Old Coyote by Nancy Wood

In a similar vein, OLD COYOTE by Nancy Wood, with illustrations by Max Grafe is a story about an aging dog, and yeah I know coyotes aren’t dogs, but close enough. This is one of the most beautiful books in my collection, and unlike Homer it is about death, but the coyote’s passing is handled with great gentleness. Still, revisiting the book made me cry all over again – but it’s a good sad – if such a thing is possible. Old Coyote has lived a long life, and had many children. He is ready to say goodbye, even if we aren’t. Grafe’s illustrations of the desert are absolutely stunning, infused with the gold and terracotta colours of the south. It is, however, his depiction of the old coyote that will catch your breath. Especially his wise, old eyes.

City Dog Country Frog cover“I am a tired frog. Maybe we can play remember-ing games,”, or so says the frog in CITY DOG, COUNTRY FROG (Mo Willems/Jon Muth), a book that also tackles death, but not as the central focus of the story (and it’s not the dog this time). City Dog, Country Frog is about unlikely friendships – and the seasons of life. A lively city dog strikes up a friendship with a country frog one spring – a friendship which thrives until winter, when the frog reaches the end of his natural life. Together, they enjoy the unique gifts of each season, but once spring rolls around again, so does the circle of life, and city dog finds a new friend. City Dog, Country Frog is very much a book that celebrates the present, and the idea that life goes on. Jon Muth keeps the story bright with his light-filled watercolours.
THING-THING by Cary Fagan, illustrated by Nicholas Debon. OK, if you don’t know Thing-Thing ThingThing, you must get to know Thing-Thing. Not only is this book laugh out loud funny, the concept is brilliant. An over-indulged brat throws his new toy Thing-Thing, ‘who was not quite a bunny rabbit, but not quite a dog either, nor a bear, or cat for that matter’ out of the window, much to his parent’s exasperation. For our purposes, Thing-Thing is a dog, and as the dog falls to the ground, we are privy to his thoughts. As the scenery rushes by, Thing-Thing notices all sorts of things, including the bluest robin’s egg he has ever seen. Happily, he lands in the arms of a child who truly loves Thing-Thing. The writing is witty (in a Douglas Adams sort of way), and the quirky art is sweet perfection.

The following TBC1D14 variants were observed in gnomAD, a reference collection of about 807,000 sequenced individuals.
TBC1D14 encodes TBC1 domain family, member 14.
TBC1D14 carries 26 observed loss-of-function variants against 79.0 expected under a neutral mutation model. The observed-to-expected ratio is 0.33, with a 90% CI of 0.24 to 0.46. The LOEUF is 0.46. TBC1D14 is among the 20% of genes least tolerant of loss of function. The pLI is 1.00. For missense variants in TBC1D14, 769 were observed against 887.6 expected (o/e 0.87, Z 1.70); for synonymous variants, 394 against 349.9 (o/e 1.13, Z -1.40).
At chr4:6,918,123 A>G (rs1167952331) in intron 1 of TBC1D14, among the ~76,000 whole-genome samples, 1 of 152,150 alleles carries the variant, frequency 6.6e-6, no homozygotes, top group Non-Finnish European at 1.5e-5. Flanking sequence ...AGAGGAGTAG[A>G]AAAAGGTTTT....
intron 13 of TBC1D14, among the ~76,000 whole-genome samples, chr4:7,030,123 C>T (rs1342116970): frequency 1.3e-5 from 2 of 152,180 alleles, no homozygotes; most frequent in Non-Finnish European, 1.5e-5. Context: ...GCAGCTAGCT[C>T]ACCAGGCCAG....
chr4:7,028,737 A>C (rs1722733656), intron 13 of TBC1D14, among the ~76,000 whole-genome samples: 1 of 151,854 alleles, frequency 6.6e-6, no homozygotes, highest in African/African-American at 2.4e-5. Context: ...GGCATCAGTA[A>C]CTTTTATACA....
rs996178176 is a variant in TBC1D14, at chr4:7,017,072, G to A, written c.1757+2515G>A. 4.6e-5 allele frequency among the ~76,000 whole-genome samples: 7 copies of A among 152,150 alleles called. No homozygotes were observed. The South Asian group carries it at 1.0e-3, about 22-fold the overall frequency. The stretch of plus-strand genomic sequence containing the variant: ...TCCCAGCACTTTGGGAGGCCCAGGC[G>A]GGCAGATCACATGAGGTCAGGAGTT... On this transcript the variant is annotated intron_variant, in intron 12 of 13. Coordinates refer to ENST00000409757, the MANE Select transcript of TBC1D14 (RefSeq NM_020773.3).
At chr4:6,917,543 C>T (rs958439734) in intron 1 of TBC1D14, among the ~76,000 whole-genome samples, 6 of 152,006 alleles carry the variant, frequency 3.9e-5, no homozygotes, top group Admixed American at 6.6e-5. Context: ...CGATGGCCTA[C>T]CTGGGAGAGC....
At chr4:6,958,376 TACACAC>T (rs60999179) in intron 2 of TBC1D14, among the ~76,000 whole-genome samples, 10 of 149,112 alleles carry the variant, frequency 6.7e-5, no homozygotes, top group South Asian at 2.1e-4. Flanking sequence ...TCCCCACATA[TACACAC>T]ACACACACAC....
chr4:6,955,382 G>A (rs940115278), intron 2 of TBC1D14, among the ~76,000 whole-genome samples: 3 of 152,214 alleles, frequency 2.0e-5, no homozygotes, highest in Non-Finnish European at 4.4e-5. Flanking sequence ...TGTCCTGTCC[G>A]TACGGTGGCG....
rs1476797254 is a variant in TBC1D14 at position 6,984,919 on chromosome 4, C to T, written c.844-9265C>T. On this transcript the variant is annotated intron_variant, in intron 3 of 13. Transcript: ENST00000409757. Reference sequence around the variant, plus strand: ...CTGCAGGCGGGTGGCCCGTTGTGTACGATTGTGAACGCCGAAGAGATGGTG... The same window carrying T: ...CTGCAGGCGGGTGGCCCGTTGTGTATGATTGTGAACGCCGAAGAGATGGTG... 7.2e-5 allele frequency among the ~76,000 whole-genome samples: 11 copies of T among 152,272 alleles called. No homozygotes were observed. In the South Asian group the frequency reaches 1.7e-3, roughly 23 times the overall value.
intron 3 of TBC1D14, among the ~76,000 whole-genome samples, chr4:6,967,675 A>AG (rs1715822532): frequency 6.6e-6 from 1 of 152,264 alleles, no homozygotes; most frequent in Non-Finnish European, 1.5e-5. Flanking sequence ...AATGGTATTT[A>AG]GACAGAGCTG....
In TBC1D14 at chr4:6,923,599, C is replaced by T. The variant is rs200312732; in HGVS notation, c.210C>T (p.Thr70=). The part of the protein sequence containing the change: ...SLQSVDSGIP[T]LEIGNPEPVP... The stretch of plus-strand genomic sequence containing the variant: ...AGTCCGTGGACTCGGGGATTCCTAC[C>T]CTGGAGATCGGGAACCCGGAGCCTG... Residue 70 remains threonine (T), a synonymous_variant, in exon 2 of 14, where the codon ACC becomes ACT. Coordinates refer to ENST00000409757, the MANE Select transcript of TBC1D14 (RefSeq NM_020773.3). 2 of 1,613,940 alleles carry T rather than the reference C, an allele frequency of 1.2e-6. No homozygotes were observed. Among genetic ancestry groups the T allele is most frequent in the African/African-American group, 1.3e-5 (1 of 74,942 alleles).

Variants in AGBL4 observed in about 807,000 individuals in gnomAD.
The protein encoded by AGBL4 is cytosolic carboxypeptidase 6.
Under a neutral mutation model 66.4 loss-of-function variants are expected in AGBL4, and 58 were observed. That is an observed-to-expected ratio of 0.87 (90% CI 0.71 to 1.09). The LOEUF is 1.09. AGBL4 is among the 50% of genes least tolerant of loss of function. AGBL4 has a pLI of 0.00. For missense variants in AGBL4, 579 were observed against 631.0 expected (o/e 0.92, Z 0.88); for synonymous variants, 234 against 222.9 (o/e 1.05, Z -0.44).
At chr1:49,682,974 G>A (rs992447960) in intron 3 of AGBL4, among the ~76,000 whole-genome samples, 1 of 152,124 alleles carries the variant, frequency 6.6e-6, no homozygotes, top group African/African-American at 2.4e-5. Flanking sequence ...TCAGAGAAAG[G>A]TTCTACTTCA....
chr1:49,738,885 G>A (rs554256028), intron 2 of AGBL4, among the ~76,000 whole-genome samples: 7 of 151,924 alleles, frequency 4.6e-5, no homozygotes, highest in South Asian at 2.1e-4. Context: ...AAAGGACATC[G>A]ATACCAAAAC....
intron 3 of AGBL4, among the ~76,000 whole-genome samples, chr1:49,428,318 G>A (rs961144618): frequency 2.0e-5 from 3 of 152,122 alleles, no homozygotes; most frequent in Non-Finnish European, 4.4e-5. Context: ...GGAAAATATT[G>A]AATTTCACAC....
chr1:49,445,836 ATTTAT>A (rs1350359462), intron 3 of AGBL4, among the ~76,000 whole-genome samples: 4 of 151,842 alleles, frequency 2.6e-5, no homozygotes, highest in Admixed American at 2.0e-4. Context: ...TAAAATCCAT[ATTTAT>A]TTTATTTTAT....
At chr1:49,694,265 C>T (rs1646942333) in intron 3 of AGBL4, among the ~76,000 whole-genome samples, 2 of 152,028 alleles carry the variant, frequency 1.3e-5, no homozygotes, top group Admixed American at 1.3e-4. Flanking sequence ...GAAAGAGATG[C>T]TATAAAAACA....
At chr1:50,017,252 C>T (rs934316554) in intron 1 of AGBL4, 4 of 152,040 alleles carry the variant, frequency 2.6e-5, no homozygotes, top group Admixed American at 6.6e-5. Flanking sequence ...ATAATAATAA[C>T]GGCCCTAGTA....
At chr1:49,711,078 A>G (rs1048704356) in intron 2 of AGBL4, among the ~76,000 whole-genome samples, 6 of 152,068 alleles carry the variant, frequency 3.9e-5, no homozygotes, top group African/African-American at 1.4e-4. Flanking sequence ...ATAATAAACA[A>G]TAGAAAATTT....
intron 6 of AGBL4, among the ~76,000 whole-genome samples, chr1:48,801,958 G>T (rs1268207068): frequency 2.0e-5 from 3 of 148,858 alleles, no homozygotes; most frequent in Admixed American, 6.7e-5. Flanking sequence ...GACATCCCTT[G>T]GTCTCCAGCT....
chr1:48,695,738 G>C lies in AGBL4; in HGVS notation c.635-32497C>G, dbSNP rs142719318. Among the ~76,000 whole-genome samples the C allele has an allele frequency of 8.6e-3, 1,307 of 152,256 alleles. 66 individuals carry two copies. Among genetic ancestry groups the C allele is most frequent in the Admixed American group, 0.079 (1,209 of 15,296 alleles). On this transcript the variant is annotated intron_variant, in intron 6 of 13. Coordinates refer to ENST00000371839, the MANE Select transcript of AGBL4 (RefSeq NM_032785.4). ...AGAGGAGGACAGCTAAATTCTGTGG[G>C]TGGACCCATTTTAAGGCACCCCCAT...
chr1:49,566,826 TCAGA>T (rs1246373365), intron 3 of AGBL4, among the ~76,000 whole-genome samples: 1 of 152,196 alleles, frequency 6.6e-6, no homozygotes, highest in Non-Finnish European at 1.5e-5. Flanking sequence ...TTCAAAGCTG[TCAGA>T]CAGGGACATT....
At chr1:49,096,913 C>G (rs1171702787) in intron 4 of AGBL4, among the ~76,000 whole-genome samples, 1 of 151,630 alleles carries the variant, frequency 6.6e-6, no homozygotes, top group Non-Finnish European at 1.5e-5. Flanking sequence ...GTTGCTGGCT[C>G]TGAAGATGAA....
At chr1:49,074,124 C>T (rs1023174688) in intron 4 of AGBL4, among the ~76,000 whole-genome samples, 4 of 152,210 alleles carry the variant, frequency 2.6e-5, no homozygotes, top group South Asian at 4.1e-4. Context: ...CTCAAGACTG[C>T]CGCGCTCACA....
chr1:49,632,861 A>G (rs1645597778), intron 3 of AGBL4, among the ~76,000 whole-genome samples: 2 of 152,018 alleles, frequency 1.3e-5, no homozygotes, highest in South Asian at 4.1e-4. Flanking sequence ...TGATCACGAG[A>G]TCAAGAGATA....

Big Wolf & Little Wolf
Again drawing from the not-quite-a-dog genre, I give my highest accolades to Nadine Brun-Cosme and Olivier Tallec for their trilogy of books starring a pair of wolves: Big Wolf and Little Wolf (not reviewed), BIG WOLF AND LITTLE WOLF AND THE LITTLE LEAVE THAT WOULDN’T FALL, and BIG WOLF AND LITTLE WOLF – SUCH A BIG ORANGE. These books epitomize why I have such a passion for picture books. They also challenge my storehouse of superlatives. Is it enough to say that each book is a work of art, or that the writing is imaginative and a little strange, and by the end of the series, gloriously uplifting? And how about those wolves? Who draws like that? These books are musts for anyone who loves dogs (I mean, wolves), and in particular, beautiful picture books that have cross-generational appeal.
Big Wolf Little Wolf Such an Orange last scene

Lastly, a book that encompasses not only dogs, but animals in general. Yes, I am a dog person, but I am also a cat person, and a critters-of-all-types person. GUARDIANS OF BEING  by Eckhart Tolle is illustrated by one of my all-time faves, Mutts cartoonist Patrick McDonnell. Guardians of Being pretty much sums up the role animals play in my life, especially dogs, but is not limited to them. It is a celebration of the spiritual gifts our animal companions bestow upon us. It is Zen with furballs and slobber. Like all the books on this list, it is perfection.